9 November 1950

Lieutenant Commander William T. Amen, U.S. Navy, of squadron VF-111, is congratulated on his air to air victory after returning to the aircraft carrier USS Phillipine Sea (CV-47). (U.S. Navy)
Lieutenant Commander William T. Amen, U.S. Navy, Commanding Officer of Fighter Squadron VF-111, is congratulated on his air to air victory after returning to the aircraft carrier USS Philippine Sea (CV-47). (U.S. Navy)

9 November 1950: The first jet vs. jet air-to-air victory which can be confirmed from both sides occurred when Lieutenant Commander William T. Amen, United States Navy, flying a Grumman F9F-2B Panther, Bu. No. 127184, shot down a Soviet Mikoyan-Gurevich MiG-15 over Korea.

Captain Mikhail Fedorovich Grachev, 139th Guards Fighter Aviation Regiment, led a squadron of MiG-15 fighters from their base at Antung, China to intercept U.S. Navy Douglas AD Skyraiders which were attacking bridges across the Yalu River, which marked the border between China and Korea.

Russian technicians service a MiG-15bis of the 351st Fighter Aviation Regiment at Antung Air Base, China, mid-1952. (Unattributed)
Russian technicians service a MiG-15bis of the 351st Fighter Aviation Regiment at Antung Air Base, China, mid-1952. (Unattributed)

An escorting group of Grumman F9F-2B Panther fighters, assigned to Fighter Squadron 111 (VMF-111, “Sundowners”) aboard the Essex-class aircraft carrier, USS Philippine Sea (CV-47) went after the MiGs as they dove on the Skyraiders. The Soviet flight broke up into single aircraft, or pairs, and did not counterattack with any organization. Visibility was poor, and airplanes would disappear then reappear in the clouds.

Captain Grachev made a quick left turn, then reversed and rolled over into a dive. His two wingmen could not stay with him and visual contact was lost.

Bill Amen saw Grachev’s diving MiG-15 and, following him down, fired his four 20 mm cannon. Amen’s wingman saw the MiG crash into a wooded slope and burn. Grachev did not return from his mission and is presumed to have been killed in the crash.

USS Phillipine Sea (CV-47) with Douglas AD Skyraiders and Grumman F9F Panthers on the flight deck, off the coast of Korea. (U.S. Navy)
USS Phillipine Sea (CV-47) with Douglas AD Skyraiders and Grumman F9F Panthers on the flight deck, off the coast of Korea. Phillipine Sea was a “long-hull” Essex-class ship, sometimes called the Ticonderoga-class. (U.S. Navy)

The Grumman F9F-2 Panther was a single-seat, single-engine turbojet powered fighter designed for operation from the U.S. Navy’s aircraft carriers. It was 38 feet, 5⅜ inches (11.719 meters) long, with a wingspan of 38 feet, 0 inches (11.528 meters)— not including wing tanks. Its overall height was 11 feet, 4 inches (3.454 meters). The wings could be hydraulically folded to reduce the span for storage aboard ship. The Panther weighed 9,303 pounds (4,220 kilograms) empty, and had a gross weight of 19,494 pounds (8,842 kilograms).

The F9F-2 was powered by a Pratt & Whitney Turbo Wasp JT6 (J42-P-8) turbojet engine which produced 5,000 pounds of thrust (22.241 kilonewtons) at Sea Level. The J42 was a license-built version of the Rolls-Royce Nene. The engine used a single-stage centrifugal-flow compressor, 9 combustion chambers and a single-stage axial-flow turbine. The engine weighed 1,715 pounds (778 kilograms).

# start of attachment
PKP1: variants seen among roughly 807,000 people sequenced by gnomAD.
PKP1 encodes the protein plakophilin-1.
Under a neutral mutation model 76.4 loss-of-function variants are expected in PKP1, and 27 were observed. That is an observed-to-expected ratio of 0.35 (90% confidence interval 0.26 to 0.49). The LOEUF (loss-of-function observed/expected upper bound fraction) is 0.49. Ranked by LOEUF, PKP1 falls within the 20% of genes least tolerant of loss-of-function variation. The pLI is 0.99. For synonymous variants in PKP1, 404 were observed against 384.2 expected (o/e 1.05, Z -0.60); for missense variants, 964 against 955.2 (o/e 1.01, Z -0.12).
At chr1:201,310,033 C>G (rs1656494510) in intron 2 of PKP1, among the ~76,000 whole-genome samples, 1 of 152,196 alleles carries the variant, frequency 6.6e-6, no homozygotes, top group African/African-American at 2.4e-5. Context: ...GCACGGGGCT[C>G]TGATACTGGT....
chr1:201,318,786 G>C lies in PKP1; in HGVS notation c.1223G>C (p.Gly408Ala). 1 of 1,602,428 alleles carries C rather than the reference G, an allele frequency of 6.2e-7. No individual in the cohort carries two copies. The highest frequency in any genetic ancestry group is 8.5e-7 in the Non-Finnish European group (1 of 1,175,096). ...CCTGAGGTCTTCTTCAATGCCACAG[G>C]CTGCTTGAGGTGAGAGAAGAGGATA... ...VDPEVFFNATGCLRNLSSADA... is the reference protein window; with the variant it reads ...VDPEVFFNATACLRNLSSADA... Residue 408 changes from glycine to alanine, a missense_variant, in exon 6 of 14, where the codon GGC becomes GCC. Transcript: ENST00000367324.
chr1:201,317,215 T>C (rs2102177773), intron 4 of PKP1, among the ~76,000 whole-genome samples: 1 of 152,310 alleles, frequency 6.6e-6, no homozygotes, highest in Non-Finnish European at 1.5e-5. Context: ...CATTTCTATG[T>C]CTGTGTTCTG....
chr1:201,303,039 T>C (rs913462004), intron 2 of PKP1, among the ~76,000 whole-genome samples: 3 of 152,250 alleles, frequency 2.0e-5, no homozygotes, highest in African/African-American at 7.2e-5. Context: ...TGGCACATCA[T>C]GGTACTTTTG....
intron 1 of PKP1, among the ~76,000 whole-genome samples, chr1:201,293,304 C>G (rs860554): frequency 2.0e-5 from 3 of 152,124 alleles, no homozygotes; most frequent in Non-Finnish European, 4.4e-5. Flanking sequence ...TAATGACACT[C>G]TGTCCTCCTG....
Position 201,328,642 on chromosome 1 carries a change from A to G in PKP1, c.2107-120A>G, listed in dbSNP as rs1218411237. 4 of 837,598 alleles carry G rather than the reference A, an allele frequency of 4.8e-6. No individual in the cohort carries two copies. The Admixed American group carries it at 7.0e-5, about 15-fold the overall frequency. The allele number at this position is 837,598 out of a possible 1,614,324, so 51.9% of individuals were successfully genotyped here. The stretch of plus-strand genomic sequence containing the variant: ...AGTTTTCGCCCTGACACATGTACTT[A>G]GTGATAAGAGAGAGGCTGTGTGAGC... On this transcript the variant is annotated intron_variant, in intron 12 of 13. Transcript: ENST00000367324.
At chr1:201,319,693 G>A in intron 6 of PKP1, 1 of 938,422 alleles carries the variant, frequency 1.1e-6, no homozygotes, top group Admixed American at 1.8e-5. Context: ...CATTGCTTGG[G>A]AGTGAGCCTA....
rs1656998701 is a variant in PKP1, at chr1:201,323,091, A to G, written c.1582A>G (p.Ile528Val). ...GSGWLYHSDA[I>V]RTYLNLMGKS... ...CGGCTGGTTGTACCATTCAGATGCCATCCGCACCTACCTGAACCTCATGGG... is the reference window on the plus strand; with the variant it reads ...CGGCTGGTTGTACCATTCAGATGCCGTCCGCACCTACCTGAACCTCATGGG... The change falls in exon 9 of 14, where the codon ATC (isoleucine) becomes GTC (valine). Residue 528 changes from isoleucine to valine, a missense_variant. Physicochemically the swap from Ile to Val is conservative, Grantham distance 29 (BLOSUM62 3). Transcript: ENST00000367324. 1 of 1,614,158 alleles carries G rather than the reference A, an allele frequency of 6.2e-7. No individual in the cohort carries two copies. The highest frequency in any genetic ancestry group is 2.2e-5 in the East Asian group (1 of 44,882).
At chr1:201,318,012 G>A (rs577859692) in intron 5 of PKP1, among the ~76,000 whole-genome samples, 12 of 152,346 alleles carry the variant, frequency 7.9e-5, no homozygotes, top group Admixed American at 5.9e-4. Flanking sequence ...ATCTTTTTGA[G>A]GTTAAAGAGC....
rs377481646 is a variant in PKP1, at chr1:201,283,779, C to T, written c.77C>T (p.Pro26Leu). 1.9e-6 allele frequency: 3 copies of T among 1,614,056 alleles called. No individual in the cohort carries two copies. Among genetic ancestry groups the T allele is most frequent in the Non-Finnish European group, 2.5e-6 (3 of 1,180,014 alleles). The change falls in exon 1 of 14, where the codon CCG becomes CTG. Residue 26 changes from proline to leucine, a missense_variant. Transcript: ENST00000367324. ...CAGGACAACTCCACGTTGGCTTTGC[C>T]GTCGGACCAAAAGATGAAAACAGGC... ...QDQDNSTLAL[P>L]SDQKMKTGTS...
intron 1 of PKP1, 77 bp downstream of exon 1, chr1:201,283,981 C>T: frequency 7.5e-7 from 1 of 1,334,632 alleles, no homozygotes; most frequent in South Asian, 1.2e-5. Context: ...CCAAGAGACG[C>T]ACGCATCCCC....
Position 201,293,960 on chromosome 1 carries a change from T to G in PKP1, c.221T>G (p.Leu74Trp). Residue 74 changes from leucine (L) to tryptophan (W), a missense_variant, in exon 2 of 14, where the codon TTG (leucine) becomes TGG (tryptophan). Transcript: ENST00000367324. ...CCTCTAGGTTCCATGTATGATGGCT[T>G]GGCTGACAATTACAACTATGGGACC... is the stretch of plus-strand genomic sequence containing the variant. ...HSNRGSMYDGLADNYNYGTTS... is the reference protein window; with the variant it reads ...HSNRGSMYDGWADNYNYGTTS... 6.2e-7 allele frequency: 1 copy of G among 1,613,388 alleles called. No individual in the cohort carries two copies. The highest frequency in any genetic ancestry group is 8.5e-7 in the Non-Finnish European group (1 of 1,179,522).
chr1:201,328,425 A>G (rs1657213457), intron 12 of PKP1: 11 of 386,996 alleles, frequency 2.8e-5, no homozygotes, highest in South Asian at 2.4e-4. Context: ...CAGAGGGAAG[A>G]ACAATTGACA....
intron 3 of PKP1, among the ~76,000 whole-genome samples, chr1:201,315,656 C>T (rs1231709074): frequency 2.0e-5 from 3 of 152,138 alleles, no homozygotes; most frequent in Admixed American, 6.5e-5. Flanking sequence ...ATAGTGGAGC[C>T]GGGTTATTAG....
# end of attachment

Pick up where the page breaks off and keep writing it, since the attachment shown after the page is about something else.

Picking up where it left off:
Interestingly, the MiG-15 was powered by an un-licensed, reverse-engineered version of the Nene, the Klimov VK-1.

The Panther had a maximum speed of 575 miles per hour (925 kilometers per hour) at Sea Level. Its service ceiling was 44,600 feet (13,594 meters), and the range was 1,353 miles (2,177 kilometers).

The Panther was armed with four M3 20 mm autocannon placed in the nose. It could carry up to 3,000 pounds (1,361 kilograms) of bombs or eight 5-inch (12.7 centimeters) rockets on four hardpoints under each wing.

The XF9F-2 prototype first flew 21 November 1947. 1,382 were produced and remained in service with the U.S. Navy and Marine Corps until 1958. A swept wing version, the F9F-6 through F9F-9J Cougar, was also produced.

For his service with VF-111 in combat from 5 August 1950 to 1 February 1951, Lieutenant Commander Amen was awarded the Distinguished Flying Cross.

F9F-2 Bu. No. 127184 was part of a group of 28 Grumman F9F panthers that were sold to the Argentine Navy. It was transferred in April 1963.

A Grumman F9F-2 Panther of Fighter Squadron 111 drops bombs over Korea, circa 1952. It is painted overall Glossy Sea Blue with red accents at the nose and tail. This is similar in appearance to the Panther flown by Lieutenant Commander William T. Amen, 9 November 1950. (U.S. Navy)
A Grumman F9F-2 Panther of Fighter Squadron 111 drops bombs over Korea, circa 1952. It is painted overall Glossy Sea Blue with red accents at the nose and tail. This is similar in appearance to the Panther flown by Lieutenant Commander William T. Amen, 9 November 1950. (U.S. Navy)

© 2017, Bryan R. Swopes

Facebooktwittergoogle_plusredditpinterestlinkedinmailby feather

The post 9 November 1950 appeared first on This Day in Aviation.

Source: This Day in Aviation